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I still remember the day as if it were yesterday. Sitting at the kitchen table, reading the newspaper, and sipping my coffee while trying to ignore the stack of unopened envelopes shoved aside on the counter. I used to love getting the mail, but now, it had become a daily dread to me. Once in awhile there was a note from a friend, but mostly it was the relentless pursuit of my creditors. Did they think I didn’t know that we were terribly behind on our payments? Or that we simply forgot to mail in a check? My husband Bill was out of work due to an injury, and the combination of his medical bills combined with the loss of wages formed a perfect storm when he was laid off due to company downsize. These were our golden years, at least, they were supposed to be. What happened, and how did we end up in this mess? It was all so blurry now, and probably why I made one of the worst decisions of my life just five minutes later.

I got up from the table to let our dog in the patio door when I overheard a soothing voice on the radio. It was a commercial advertising bankruptcy. I guess I had heard many advertisements that entire year, and while some gained my attention momentarily, I was never clear about what Bill and I should do. I mostly ignored them. This time, I finally had enough and wrote down the phone number. After all, this was “our” mess as a couple, but I was the one who paid the bills. These days, I wasn’t paying any of them. I felt the weight of our mounting credit card debts morning, noon, and night. That day I had finally had enough, and desperately wanted a way out. I wish I had lost their phone number, but unfortunately I called it before I did. This entry is about the four things I wish they had told me that I only understood when it was too late. I hope that if you’re in a similar situation you will take these to heart.

  1. Filing Bankruptcy Isn’t an Instant “Clean Slate”

When I spoke to the kind person at the bankruptcy firm that day, they spoke of “wiping the slate clean” financially. This obviously appealed to me, and was exactly what I needed to hear. I glanced over at the pile of bills on the counter and envisioned pushing them right into the garbage can once I paid the filing fee. Could they all go away that fast? When I said, “yes” to bankruptcy that day, I envisioned a magic button on the other end of the phone. And while the woman did enter our information into her database, this was not the end of our financial stress but just another starting point. I learned that bankruptcy takes time, and due to stricter laws today you must first get approval. While I was told approval was merely “a formality,” this is what happened once we went down the path.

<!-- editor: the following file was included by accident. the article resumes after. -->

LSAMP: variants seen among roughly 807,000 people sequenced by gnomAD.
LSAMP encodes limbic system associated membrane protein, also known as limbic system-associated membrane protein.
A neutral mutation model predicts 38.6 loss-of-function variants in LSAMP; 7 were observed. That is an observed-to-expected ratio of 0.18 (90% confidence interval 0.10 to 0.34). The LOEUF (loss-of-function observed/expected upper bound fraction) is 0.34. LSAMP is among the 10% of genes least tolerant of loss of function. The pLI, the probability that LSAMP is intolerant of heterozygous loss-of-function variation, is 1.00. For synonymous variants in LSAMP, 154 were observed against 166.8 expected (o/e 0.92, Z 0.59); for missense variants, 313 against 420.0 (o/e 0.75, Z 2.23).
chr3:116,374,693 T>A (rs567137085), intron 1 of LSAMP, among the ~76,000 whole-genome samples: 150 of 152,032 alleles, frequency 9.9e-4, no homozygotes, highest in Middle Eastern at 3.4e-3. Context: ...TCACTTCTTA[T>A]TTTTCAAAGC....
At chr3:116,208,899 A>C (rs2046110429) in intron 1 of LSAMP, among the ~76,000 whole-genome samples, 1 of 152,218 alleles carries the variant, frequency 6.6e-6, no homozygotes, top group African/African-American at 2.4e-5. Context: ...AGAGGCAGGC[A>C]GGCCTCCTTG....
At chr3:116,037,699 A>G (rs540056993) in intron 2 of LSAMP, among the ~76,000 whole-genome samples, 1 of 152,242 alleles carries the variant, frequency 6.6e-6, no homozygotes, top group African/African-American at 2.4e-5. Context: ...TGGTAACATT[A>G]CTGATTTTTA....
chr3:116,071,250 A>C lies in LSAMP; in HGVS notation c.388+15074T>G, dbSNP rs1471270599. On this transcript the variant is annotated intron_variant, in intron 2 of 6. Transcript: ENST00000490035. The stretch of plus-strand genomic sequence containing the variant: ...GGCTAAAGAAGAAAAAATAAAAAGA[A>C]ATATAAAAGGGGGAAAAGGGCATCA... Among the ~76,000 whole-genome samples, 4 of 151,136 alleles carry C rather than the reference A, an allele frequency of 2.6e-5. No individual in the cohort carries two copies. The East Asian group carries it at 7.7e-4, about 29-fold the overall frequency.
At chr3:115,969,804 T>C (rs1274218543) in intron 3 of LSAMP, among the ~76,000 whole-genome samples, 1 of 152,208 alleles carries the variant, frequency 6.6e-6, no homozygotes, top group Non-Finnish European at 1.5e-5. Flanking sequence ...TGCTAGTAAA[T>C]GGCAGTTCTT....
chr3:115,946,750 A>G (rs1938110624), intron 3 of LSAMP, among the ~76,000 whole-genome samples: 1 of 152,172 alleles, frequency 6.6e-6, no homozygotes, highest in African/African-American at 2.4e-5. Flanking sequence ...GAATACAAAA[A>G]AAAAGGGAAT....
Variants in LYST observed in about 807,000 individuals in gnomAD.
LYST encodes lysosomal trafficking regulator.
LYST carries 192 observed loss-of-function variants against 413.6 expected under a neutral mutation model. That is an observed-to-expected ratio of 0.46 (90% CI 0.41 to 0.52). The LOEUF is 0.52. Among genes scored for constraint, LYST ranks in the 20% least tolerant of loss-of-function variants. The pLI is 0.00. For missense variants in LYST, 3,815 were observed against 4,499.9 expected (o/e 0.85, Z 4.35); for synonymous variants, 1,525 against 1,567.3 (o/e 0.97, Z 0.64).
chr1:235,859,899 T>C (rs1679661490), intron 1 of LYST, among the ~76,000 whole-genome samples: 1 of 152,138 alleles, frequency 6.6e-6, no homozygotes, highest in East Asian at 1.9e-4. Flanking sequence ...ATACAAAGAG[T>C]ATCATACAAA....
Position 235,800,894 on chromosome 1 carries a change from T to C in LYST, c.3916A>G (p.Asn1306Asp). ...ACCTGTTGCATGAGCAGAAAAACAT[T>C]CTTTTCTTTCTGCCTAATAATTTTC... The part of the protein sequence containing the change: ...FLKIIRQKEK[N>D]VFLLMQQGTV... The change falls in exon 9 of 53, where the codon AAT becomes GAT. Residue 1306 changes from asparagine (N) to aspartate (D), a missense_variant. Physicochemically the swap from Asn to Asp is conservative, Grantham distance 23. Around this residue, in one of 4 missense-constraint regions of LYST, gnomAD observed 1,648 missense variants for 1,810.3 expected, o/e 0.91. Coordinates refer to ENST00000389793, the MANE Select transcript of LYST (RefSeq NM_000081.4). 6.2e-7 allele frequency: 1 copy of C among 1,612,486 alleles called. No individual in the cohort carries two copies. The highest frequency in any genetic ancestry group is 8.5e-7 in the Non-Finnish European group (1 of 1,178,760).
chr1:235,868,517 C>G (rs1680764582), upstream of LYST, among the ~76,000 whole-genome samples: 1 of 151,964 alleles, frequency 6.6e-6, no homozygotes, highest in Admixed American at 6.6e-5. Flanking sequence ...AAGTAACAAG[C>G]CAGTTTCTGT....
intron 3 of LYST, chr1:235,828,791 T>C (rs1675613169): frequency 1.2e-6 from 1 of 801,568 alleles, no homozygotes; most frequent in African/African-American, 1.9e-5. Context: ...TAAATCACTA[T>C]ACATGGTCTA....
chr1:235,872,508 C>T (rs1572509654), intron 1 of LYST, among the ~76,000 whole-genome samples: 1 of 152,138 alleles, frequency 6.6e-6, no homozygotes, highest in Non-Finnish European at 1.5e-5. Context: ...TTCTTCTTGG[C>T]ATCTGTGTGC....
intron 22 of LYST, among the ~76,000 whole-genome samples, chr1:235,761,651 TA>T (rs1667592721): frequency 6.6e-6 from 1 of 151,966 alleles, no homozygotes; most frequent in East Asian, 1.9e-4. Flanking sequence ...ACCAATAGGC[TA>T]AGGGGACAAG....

1. Not All Debts Are Approved, and Not All Bankruptcies are Finalized

Declaring bankruptcy is humiliating enough, but we didn’t learn that we had to appear before the court appointed trustee and answer questions in front of a crowd of others until the week before it was scheduled. I was so nervous. Since we couldn’t afford much, we chose a bankruptcy firm that was mostly run by paralegals. We first met “our attorney” at the courthouse just before going before the trustee. (The trustee is like a judge that presides over your case.)  He asked us questions like, “what kind of car do you drive?” Because he saw we had a Lexus as listed on our asset paperwork, he looked at us as suspiciously as if we had overspent on a luxury vehicle, and asked us the current value. I explained our daughter had given it to us when she purchased a new car years ago, and that it had plenty of problems. This answer seemed to satisfy him, but it was very uncomfortable. He looked down at his papers, and moved on.